The failure to alter HPC mobilization in response to G-CSF by manipulating the S1P/S1P1 axis is consistent with previous studies10 and highlights the differences between G-CSF- and AMD3100-mediated mobilization. Mobilization with G-CSF produces multiple effects on the BM, including the disruption of the chemoattractant effects of CXCL12 and adhesive interactions such as those mediated by VCAM1 and c-kit.33,38,39 In contrast, mobilization with CXCR4 antagonists such as AMD3100 primarily functions by disrupting the effect of CXCL12.40 It is possible that remaining factors that retain HSCs in the BM impede movement into the blood even when the chemoattractant effects of CXCL12 have been blocked, increasing the importance of the S1P gradient when CXCR4 alone is blocked. The superiority of G-CSF over AMD3100 as a mobilizing agent would support this hypothesis. However, the ability of SEW2871 to further enhance HPC mobilization when added to the combination of G-CSF and AMD3100 suggests that more complex events are involved. One possibility is that the pools of HSCs/HPCs mobilized by G-CSF and AMD3100 are not identical. It is tempting to speculate that the rapid mobilization induced by AMD3100 preferentially targets HSCs/HPCs located close to the vasculature, whereas the slower-acting G-CSF mobilizes HSCs from a variety of niches. If this is the case, then the S1P/S1P1 axis may be important for the egress of cells from the vascular niche. This could explain why SEW2871 can enhance mobilization after G-CSF and AMD3100: the mobilization of the vascular pool of HPCs mobilized by AMD3100 could be enhanced independently of the actions of G-CSF.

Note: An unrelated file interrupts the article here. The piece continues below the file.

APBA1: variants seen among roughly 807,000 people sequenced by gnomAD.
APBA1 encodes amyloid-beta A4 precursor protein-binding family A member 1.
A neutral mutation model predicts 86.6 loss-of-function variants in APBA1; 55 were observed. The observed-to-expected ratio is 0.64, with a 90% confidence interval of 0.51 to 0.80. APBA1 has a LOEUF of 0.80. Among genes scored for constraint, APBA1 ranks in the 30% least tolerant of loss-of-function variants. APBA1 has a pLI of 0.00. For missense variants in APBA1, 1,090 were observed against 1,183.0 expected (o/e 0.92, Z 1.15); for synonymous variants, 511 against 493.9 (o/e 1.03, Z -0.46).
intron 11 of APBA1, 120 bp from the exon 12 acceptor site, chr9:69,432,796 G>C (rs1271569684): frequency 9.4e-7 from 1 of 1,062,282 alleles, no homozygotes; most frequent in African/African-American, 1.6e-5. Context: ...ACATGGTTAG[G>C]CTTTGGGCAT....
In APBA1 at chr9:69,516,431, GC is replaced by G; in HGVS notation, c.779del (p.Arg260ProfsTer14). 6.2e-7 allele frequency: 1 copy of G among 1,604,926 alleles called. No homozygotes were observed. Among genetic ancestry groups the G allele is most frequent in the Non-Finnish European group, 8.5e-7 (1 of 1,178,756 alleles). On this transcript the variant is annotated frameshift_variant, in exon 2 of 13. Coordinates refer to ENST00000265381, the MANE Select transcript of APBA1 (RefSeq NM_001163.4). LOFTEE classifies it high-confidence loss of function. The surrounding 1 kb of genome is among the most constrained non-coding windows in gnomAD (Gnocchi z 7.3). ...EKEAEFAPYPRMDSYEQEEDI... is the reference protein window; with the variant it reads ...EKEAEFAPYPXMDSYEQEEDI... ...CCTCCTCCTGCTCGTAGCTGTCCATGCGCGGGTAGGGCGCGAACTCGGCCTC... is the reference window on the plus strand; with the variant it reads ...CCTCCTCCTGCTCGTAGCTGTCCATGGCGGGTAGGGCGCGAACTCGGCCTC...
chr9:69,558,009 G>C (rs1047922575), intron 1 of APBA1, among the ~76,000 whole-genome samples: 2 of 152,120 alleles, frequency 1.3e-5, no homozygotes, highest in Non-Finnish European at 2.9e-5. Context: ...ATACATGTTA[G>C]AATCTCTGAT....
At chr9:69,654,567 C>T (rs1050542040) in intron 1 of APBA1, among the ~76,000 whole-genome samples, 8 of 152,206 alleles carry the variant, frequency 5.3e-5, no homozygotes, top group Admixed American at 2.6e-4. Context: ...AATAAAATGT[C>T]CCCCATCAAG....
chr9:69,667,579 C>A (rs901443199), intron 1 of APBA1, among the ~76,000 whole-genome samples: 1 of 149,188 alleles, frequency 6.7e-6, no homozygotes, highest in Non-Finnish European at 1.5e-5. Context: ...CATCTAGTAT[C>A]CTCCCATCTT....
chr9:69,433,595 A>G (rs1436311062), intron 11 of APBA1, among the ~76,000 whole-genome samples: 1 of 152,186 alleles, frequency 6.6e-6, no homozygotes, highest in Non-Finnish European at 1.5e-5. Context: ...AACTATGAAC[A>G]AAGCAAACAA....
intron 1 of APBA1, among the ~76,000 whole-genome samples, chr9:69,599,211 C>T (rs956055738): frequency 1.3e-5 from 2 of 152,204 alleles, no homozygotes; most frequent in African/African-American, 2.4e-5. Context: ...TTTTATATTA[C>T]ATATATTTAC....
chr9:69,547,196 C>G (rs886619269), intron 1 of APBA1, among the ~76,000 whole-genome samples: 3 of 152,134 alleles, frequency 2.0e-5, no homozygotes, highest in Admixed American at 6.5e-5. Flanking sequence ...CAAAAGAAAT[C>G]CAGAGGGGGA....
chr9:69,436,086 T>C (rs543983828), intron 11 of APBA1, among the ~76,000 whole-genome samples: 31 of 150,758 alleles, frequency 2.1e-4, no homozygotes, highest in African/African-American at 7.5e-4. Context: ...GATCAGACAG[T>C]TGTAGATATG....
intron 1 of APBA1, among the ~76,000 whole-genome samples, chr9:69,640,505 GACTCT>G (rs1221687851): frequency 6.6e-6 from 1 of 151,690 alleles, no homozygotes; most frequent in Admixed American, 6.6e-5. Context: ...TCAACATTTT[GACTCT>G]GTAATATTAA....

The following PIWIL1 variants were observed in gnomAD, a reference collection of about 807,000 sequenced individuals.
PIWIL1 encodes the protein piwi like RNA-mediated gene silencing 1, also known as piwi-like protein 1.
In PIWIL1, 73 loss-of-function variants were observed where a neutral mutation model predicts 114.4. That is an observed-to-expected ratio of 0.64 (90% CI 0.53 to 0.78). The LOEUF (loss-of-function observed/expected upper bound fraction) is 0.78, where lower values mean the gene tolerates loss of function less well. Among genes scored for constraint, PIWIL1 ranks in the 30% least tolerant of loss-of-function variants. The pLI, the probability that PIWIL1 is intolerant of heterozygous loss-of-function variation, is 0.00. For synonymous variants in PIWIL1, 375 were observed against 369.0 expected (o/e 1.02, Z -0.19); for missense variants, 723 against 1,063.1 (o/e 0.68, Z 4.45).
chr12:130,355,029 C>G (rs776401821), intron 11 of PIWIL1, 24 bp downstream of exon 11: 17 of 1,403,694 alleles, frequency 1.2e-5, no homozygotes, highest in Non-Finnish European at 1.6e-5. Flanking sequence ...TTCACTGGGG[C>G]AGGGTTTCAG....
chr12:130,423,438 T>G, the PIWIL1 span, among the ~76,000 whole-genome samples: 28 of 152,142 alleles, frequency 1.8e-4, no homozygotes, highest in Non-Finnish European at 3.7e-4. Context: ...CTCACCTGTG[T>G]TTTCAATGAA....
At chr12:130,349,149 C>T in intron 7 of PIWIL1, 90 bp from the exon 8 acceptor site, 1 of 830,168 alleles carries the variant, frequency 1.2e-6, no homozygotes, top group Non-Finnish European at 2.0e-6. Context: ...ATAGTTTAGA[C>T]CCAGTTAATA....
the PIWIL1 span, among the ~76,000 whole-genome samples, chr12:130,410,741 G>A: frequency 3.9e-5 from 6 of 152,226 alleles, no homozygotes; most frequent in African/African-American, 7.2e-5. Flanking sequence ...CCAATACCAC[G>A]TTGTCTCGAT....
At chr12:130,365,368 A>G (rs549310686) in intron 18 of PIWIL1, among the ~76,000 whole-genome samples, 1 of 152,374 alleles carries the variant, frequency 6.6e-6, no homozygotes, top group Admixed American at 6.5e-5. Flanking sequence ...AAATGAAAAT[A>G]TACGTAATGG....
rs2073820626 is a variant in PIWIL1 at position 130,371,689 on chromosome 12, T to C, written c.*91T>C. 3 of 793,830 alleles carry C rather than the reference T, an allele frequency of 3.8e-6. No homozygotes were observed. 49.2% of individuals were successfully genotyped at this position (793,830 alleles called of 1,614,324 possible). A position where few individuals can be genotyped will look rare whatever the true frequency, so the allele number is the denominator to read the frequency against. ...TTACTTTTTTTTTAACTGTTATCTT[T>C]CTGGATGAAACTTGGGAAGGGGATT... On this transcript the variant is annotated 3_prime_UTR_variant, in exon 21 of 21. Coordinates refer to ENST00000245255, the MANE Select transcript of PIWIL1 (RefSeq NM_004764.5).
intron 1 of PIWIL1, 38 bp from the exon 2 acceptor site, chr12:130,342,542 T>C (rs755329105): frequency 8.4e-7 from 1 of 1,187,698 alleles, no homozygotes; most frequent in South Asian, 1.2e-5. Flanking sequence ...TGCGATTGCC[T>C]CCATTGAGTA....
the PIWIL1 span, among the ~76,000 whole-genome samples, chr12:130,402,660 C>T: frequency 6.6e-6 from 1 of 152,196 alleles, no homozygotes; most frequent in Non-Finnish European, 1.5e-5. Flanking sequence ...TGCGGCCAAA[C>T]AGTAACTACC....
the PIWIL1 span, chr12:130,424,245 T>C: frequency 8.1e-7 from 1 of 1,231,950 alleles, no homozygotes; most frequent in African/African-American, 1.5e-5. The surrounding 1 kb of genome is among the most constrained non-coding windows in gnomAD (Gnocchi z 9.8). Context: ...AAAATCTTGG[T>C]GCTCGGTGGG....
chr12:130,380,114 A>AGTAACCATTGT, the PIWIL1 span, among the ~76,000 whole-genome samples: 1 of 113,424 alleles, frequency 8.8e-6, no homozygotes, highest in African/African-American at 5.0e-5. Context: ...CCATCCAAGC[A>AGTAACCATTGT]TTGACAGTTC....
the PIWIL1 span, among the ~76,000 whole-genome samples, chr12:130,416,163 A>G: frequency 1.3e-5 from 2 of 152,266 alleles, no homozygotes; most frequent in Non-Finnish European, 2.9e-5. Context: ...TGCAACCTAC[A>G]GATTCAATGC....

Recently, Ratajczak et al demonstrated a role for S1P in HPC mobilization, although they identified mobilization-induced activation of the complement system and RBC lysis resulting in increased plasma S1P as being responsible.12 Consistent with that study, we observed a significant decline in both platelet and RBC numbers in response to G-CSF mobilization (supplemental Table 3). However, there was no correlation between RBC or platelet numbers (or the extent of the decrease in their levels) and plasma S1P concentrations before or after G-CSF administration. Indeed, S1P levels significantly declined during G-CSF–induced mobilization. Unlike the results of Ratajczak et al, our results show that basal plasma S1P concentrations are sufficient for mobilization, suggesting that it is the loss of the retentive CXCL12 gradient that is pivotal to the initiation of mobilization. Accordingly, we also showed that disruption of the S1P/S1P1 axis through FTY720-mediated S1P1 down-regulation significantly reduced steady-state transplantable HSCs in the blood of mice. This suggests that S1P1 is required for the normal trafficking of HSCs under steady-state conditions. Our results highlight the capacity of basal S1P concentrations to mediate the egress of HSCs from the BM during mobilization and during steady-state conditions.